Analysis of the steroid hormone concentrations of 17 -estradiol (E2), progesterone (P4), testosterone (T), and dihydrotestosterone (DHT) for animals from the three areas yielded some interesting results. When comparing all animals, regardless of stage of pregnancy, there were no significant differences in concentrations of any of the four hormones in either mature females or mature males. However, when immature animals were compared, immature females from the Florida Bay (controls) had significantly higher E2 and T concentrations (P = 0.019 and P = 0.011, respectively) than immature females from the Anclote River area and from the Apalachicola Bay. Immature males from the Florida Bay had significantly higher P4 concentrations (P = 0.038) than immature males from Apalachicola Bay, and immature males from the Anclote River had significantly higher DHT concentrations (P = 0.002) than ones from either the Florida Bay or the Apalachicola Bay. When mature females were compared by stage of pregnancy between the Anclote River and the Florida Bay (inadequate sample size for Apalachicola Bay), females from the Florida Bay had significantly greater E2 concentrations during pre-ovulation (P = 0.021) and greater P4 concentrations during early pregnancy (P = 0.017) than ones from the Anclote River during the same stages. Analysis of corticosterone in the sharks revealed that mature males and immature females from the Apalachicola Bay had significantly higher concentrations than animals from the other two sites. There were no significant differences in corticosterone concentrations in either immature males or mature females. Corticosterone is likely to play a role in reproduction, rather than in stress, in elasmobranchs (Manire, Unpublished data). Analysis of 11-ketotestosterone, 11-ketoandrostenedione, and dihydroprogesterone yielded no significant differences among the sites.
Tissue architecture was examined histologically in reproductive tissues of embryonic, immature, and mature male and female S. tiburo, to detect any abnormalities that may be present and/or associated with data on serum hormone concentrations. In virtually all cases, the primary sex organs (the testes and ovaries) were the focus of these observations. However, in embryonic and mature female S. tiburo, we also inspected structure of the oviducal gland, a specialized component of the reproductive tract that is sensitive to hormone alteration during development. In mature females, it stores spermatozoa between mating and ovulation. There was no evidence of abnormal gonad development or structure in any male or female S. tiburo, and there were no visible differences in these parameters in animals from different sites. In all female S. tiburo embryos that were examined, normal development of the oviducal gland appeared to have occurred. In adult females, oviducal structure also appeared normal, and stored sperm were observed in virtually all preparations. We used the terminal deoxnucleotidyl transfer (TdT)-mediated dUTP digoxigenin nick end labeling (TUNEL) reaction to detect evidence of apoptosis, or programmed cell death, in spermatozoa to investigate if stored cells were viable. Although apoptotic and non-functional sperm were detected, there was no overall difference in the degree of sperm apoptosis in animals from different sites, and at least some non-apoptotic and functional cells were present.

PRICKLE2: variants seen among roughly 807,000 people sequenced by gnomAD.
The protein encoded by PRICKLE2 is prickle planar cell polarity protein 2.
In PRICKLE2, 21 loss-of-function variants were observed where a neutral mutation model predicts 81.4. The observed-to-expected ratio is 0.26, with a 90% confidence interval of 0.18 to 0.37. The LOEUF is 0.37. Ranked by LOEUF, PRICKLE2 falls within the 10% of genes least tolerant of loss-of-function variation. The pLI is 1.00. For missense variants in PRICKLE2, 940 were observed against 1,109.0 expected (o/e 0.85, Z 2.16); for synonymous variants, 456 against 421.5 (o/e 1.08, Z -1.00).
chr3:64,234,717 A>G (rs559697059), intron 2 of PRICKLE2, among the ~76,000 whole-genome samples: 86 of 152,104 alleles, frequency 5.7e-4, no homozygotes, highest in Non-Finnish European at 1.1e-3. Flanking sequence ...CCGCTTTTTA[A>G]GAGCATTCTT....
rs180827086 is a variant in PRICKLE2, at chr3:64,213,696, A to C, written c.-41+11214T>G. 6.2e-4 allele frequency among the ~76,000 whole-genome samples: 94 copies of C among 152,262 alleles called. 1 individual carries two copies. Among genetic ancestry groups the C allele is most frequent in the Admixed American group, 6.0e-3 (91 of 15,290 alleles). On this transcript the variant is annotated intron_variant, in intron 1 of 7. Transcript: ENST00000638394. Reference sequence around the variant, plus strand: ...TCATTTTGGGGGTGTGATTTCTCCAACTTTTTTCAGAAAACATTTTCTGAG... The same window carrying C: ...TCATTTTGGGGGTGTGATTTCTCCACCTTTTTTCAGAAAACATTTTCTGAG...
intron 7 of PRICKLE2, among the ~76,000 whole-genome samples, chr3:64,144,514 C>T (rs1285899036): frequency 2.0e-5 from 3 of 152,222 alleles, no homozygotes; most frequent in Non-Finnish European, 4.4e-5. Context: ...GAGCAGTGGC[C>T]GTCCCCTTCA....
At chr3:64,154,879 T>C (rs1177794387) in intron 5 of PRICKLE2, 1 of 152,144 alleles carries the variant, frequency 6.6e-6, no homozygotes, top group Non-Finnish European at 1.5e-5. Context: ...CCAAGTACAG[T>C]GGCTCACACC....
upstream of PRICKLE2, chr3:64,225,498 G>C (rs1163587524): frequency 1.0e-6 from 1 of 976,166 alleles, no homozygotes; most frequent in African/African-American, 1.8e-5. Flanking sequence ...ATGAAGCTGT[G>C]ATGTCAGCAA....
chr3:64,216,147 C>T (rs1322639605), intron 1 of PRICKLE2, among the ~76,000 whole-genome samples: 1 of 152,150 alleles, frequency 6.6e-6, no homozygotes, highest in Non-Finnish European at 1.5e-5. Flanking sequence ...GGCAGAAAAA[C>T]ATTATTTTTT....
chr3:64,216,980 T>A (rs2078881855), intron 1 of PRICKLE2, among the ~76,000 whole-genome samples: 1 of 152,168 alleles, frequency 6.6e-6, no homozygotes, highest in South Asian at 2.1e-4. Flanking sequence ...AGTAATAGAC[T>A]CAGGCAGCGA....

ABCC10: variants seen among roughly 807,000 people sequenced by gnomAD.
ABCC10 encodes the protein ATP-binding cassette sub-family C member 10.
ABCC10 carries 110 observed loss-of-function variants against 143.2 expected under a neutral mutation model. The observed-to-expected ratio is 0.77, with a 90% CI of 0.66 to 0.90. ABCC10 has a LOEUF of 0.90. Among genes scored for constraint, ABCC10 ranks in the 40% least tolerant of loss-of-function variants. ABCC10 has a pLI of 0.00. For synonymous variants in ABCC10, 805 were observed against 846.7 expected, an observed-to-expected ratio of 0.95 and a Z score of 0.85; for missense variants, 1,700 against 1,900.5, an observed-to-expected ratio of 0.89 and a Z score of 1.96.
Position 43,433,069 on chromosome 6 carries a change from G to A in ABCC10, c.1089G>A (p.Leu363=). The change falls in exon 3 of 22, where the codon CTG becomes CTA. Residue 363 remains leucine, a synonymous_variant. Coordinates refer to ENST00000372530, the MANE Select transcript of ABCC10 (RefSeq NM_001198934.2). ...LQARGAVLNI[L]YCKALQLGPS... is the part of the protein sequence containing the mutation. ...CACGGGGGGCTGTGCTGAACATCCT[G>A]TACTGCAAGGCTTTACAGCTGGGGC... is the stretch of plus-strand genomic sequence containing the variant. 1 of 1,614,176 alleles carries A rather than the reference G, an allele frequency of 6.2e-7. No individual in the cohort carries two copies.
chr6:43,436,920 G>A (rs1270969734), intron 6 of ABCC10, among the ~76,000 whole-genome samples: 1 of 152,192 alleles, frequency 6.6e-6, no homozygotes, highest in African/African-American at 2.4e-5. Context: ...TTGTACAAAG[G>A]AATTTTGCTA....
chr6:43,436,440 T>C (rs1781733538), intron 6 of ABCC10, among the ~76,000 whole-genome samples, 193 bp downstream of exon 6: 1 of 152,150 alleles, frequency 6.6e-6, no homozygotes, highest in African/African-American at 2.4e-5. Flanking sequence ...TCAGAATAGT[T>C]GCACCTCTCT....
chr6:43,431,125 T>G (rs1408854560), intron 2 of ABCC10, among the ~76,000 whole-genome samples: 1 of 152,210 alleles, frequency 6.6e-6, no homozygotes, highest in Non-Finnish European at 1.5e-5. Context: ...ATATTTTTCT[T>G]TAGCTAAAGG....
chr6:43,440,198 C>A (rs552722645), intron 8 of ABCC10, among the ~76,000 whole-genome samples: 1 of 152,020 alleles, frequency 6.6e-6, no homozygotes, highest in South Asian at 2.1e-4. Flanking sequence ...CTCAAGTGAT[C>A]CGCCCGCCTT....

Immunoreactivity of the reproductive steroids testosterone/dihydrotestosterone (T/DHT), 11-ketotestosterone (11-KT), 17 -estradiol (E2), and progesterone (P4) were examined in all structures described above. Immunoreactive 11-KT was detected in testes from mature male S. tiburo in the interstitial cells that border spermatocysts. Immunoreactive T/DHT and E2 were also observed in testes of mature male S. tiburo, yet were confined to mature spermatocysts that contained tightly packed, late-stage spermatozoa. Hormone reactivity was low or absent in all other structures. Although hormone immunoreactivity differed in testes from individual animals, there were no trends associated with site of collection.